Well-structured partnerships can help move your MSP business from surviving to thriving. With strategic alliances, you can fill any service, resource or skill gaps your respective companies may have.
Now, you might be thinking that you’re relinquishing control over your business by having someone else, i.e. another IT company or even a potential competitor, service your client, but it’s actually quite the opposite. What it does is it gives you more opportunities for your business and grow it in ways you never thought possible.
To get you settled in, let us explore a couple of ways you can structure and grow your MSP business through strategic alliances.
You can leverage a partner’s services by hiring them as a subcontractor. As an MSP, you can use subcontractors when there’s a need for extra labour; maybe you need specific expertise or additional resources when your backlog is high, or to service an area where you don’t have coverage.
In this setup, your partner company will be representing your company as they deliver the work to your client and invoice you directly for the services rendered.
When you invoice your client for the subcontractors time, you can bill at cost, or mark-up for additional profits.
Typically, this is the preferred option as most MSPs prefer to maintain the ownership of the client relationship and act as the “One Stop Shop” for their customers.
Examples of projects that we’ve seen successfully delivered like this include Office 365 migrations, Sharepoint and/or web development, but the most common one would be for resource overflow.
When contracting out for new business, if you’re utilising someone for their expertise then consider leveraging their brand and/or previous work to help secure the business.
You can also offer your partner’s services as a direct referral. Here, you don’t need to act as a middle-man as it would slow down the process of delivering the work.
With direct referrals, the partner meets your client, representing their own company, and then delivers the work required. The partner then invoices your client directly and pays you a referral fee.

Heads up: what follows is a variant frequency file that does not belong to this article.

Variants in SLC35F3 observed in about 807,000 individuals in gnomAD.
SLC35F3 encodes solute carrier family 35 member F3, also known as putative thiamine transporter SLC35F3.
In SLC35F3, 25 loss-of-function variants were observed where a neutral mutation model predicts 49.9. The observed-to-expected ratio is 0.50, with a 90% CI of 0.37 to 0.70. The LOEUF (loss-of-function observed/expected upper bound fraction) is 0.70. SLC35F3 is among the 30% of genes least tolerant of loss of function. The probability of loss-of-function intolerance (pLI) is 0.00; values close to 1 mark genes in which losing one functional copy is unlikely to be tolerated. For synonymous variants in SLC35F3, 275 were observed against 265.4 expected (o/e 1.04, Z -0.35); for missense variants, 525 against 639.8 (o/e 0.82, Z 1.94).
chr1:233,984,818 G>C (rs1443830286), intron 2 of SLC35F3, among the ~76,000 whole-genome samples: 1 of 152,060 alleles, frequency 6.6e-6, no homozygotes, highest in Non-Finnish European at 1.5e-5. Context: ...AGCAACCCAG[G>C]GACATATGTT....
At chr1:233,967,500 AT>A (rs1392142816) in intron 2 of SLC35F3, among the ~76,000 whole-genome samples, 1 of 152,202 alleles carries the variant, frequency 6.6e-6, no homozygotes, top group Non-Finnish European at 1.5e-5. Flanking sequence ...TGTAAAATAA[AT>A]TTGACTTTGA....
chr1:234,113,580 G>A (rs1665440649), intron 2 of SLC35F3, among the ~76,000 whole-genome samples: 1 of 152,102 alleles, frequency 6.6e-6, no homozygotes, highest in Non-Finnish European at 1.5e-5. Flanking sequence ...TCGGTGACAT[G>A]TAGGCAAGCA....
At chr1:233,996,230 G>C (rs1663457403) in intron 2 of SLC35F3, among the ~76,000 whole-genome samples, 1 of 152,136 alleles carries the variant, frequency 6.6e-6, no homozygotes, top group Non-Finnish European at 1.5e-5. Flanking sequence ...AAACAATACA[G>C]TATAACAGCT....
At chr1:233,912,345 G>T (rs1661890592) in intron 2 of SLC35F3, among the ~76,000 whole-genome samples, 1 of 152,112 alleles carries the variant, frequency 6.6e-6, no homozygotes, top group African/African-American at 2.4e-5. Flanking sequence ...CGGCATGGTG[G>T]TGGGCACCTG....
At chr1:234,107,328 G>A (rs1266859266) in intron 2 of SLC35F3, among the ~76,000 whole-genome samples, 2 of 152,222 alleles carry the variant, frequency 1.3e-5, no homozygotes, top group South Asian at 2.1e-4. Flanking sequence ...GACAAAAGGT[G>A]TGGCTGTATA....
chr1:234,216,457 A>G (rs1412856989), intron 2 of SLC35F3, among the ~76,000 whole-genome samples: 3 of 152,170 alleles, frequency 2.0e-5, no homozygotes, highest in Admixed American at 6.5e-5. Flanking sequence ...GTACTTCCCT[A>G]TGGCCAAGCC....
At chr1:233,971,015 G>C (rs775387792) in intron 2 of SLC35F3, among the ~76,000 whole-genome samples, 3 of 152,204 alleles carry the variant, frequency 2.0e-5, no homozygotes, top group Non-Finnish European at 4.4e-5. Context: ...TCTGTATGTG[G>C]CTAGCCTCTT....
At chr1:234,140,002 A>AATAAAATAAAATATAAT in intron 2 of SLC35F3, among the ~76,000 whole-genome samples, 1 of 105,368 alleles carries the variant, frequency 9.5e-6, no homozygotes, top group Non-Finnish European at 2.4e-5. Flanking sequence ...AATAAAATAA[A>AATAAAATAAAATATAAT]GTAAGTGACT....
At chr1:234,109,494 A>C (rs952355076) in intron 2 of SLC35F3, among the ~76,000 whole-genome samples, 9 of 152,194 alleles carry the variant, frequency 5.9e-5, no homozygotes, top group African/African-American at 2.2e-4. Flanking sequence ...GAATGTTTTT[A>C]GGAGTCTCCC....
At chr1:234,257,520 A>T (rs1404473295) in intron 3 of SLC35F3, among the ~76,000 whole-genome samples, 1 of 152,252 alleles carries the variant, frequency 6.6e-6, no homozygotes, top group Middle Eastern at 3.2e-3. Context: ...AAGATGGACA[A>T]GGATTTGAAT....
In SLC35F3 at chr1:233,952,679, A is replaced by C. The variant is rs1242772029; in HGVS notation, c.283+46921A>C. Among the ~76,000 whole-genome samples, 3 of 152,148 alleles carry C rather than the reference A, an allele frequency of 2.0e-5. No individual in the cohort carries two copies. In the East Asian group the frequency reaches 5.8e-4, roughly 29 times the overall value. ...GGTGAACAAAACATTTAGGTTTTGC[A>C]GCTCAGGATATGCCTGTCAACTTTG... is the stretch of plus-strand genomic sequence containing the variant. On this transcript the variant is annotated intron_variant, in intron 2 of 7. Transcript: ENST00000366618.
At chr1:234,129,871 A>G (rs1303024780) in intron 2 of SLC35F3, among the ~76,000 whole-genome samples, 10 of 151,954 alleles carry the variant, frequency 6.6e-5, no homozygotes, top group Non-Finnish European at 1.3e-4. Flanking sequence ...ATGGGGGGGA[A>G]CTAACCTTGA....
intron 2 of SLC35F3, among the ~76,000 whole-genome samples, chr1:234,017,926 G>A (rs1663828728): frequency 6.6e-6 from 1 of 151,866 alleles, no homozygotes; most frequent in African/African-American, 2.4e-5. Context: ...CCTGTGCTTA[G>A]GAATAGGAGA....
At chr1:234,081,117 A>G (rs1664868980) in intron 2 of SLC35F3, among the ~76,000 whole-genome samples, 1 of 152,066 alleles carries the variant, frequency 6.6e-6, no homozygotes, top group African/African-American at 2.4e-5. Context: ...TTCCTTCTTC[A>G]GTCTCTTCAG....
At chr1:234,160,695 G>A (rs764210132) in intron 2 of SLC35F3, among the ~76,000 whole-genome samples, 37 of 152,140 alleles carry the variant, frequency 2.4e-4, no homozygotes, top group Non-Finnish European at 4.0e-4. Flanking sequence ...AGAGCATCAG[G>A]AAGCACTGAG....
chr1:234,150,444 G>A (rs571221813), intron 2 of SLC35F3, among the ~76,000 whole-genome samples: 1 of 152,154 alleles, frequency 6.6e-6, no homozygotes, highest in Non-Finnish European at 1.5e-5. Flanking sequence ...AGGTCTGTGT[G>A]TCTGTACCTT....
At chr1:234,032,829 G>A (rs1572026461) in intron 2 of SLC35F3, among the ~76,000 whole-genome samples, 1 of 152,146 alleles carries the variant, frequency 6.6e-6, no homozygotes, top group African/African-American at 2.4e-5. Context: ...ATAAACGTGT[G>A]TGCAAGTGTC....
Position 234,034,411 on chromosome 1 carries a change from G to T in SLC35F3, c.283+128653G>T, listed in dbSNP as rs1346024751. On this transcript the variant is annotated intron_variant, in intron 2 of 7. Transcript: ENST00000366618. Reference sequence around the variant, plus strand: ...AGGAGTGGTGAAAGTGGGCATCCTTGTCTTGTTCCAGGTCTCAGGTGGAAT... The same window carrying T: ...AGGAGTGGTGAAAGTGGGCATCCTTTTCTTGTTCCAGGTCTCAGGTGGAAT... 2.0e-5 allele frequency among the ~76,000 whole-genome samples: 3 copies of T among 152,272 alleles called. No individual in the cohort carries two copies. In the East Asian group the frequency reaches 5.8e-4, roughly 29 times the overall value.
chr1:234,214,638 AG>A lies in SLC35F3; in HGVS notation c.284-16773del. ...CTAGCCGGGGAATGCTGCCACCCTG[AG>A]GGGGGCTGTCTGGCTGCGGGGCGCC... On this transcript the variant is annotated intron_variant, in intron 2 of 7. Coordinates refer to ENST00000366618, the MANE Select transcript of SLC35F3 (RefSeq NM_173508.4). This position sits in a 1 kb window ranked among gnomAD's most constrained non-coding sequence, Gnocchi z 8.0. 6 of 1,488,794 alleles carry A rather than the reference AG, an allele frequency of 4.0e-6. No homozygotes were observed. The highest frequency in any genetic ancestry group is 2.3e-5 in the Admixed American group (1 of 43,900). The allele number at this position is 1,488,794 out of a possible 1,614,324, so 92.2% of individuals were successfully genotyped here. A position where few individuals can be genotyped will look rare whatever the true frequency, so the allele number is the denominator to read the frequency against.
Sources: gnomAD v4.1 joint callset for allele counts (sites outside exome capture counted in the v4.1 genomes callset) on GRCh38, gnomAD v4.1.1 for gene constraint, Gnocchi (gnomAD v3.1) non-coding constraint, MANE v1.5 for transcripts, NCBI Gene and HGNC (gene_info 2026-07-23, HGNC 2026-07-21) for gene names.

With direct referrals consider doing this with businesses that don’t directly compete. For example, if you have don’t do web development you might look to directly refer to another web development business that you’ve developed a strategic alliance with and in return they might refer MSP clients back to you.
As with any business relationship, strategic alliances come with risks and potential pitfalls. How does one overcome those? Well, first you need to know what they are.
In a subcontractor setup, things may not always go your clients’ way, and if something goes wrong, it’s not just the subcontractor’s reputation that gets hurt, but yours too.
Subcontractors are typically experts in their field, but their work ethic or business standard may not live up to yours. This is why it’s important to find the right ally and build a relationship with them as the latter is a lot harder to gauge than skills or expertise alone.
How to start?
Trust is often a big factor when considering to enter into such alliances. To get the ball rolling, you first need to set your expectations up-front. It’s always a good idea to start small — give your partner small jobs to deliver, with specific instructions on your do’s and don’ts. For example: Do wear our company uniform when working with a client or Don’t engage in any direct work with our client and so on.
You can also put in place Non-Disclosure Agreements (NDAs) and Contractor Agreements to set the conditions of your partnership.
The core of strategic alliances is trust. If you don’t trust your partner, or they don’t trust you, the partnership will fail.
Strategic alliances are a great way to grow your MSP business and add additional resources, geographical reach and value to the services you offer.